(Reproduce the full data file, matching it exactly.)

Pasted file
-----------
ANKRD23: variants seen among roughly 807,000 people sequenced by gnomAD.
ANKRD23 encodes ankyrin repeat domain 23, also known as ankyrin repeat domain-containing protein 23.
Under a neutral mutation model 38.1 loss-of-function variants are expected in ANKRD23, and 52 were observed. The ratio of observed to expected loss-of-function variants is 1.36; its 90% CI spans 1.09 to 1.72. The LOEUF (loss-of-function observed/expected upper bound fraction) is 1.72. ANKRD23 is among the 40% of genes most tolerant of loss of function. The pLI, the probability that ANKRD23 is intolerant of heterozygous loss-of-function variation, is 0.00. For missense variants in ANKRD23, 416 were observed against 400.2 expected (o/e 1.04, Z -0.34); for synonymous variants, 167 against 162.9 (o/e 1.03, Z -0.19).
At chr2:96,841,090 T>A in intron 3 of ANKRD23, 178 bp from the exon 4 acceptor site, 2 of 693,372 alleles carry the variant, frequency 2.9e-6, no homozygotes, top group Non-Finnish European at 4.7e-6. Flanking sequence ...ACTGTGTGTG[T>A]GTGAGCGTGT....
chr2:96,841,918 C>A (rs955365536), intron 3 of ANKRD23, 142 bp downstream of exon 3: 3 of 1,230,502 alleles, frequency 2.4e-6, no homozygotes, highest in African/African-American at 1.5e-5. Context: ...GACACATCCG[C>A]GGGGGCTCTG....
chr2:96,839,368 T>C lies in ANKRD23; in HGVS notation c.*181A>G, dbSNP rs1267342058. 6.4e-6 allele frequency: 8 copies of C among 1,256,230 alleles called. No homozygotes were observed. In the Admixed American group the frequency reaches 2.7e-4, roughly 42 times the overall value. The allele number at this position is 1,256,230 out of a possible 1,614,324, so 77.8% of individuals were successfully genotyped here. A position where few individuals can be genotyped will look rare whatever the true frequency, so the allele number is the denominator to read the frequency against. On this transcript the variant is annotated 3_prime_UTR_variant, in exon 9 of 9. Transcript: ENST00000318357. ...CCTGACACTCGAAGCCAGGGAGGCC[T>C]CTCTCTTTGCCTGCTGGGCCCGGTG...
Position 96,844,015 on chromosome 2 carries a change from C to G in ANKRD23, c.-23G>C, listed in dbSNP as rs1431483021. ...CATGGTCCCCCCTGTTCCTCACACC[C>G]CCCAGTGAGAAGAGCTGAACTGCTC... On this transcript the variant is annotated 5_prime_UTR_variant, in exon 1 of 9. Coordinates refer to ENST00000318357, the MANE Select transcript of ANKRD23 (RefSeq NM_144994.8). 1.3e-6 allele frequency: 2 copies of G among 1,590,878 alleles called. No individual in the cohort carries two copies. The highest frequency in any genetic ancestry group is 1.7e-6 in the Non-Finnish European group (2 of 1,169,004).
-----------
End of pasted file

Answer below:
ANKRD23: variants seen among roughly 807,000 people sequenced by gnomAD.
ANKRD23 encodes ankyrin repeat domain 23, also known as ankyrin repeat domain-containing protein 23.
Under a neutral mutation model 38.1 loss-of-function variants are expected in ANKRD23, and 52 were observed. The ratio of observed to expected loss-of-function variants is 1.36; its 90% CI spans 1.09 to 1.72. The LOEUF (loss-of-function observed/expected upper bound fraction) is 1.72. ANKRD23 is among the 40% of genes most tolerant of loss of function. The pLI, the probability that ANKRD23 is intolerant of heterozygous loss-of-function variation, is 0.00. For missense variants in ANKRD23, 416 were observed against 400.2 expected (o/e 1.04, Z -0.34); for synonymous variants, 167 against 162.9 (o/e 1.03, Z -0.19).
At chr2:96,841,090 T>A in intron 3 of ANKRD23, 178 bp from the exon 4 acceptor site, 2 of 693,372 alleles carry the variant, frequency 2.9e-6, no homozygotes, top group Non-Finnish European at 4.7e-6. Flanking sequence ...ACTGTGTGTG[T>A]GTGAGCGTGT....
chr2:96,841,918 C>A (rs955365536), intron 3 of ANKRD23, 142 bp downstream of exon 3: 3 of 1,230,502 alleles, frequency 2.4e-6, no homozygotes, highest in African/African-American at 1.5e-5. Context: ...GACACATCCG[C>A]GGGGGCTCTG....
chr2:96,839,368 T>C lies in ANKRD23; in HGVS notation c.*181A>G, dbSNP rs1267342058. 6.4e-6 allele frequency: 8 copies of C among 1,256,230 alleles called. No homozygotes were observed. In the Admixed American group the frequency reaches 2.7e-4, roughly 42 times the overall value. The allele number at this position is 1,256,230 out of a possible 1,614,324, so 77.8% of individuals were successfully genotyped here. A position where few individuals can be genotyped will look rare whatever the true frequency, so the allele number is the denominator to read the frequency against. On this transcript the variant is annotated 3_prime_UTR_variant, in exon 9 of 9. Transcript: ENST00000318357. ...CCTGACACTCGAAGCCAGGGAGGCC[T>C]CTCTCTTTGCCTGCTGGGCCCGGTG...
Position 96,844,015 on chromosome 2 carries a change from C to G in ANKRD23, c.-23G>C, listed in dbSNP as rs1431483021. ...CATGGTCCCCCCTGTTCCTCACACC[C>G]CCCAGTGAGAAGAGCTGAACTGCTC... On this transcript the variant is annotated 5_prime_UTR_variant, in exon 1 of 9. Coordinates refer to ENST00000318357, the MANE Select transcript of ANKRD23 (RefSeq NM_144994.8). 1.3e-6 allele frequency: 2 copies of G among 1,590,878 alleles called. No individual in the cohort carries two copies. The highest frequency in any genetic ancestry group is 1.7e-6 in the Non-Finnish European group (2 of 1,169,004).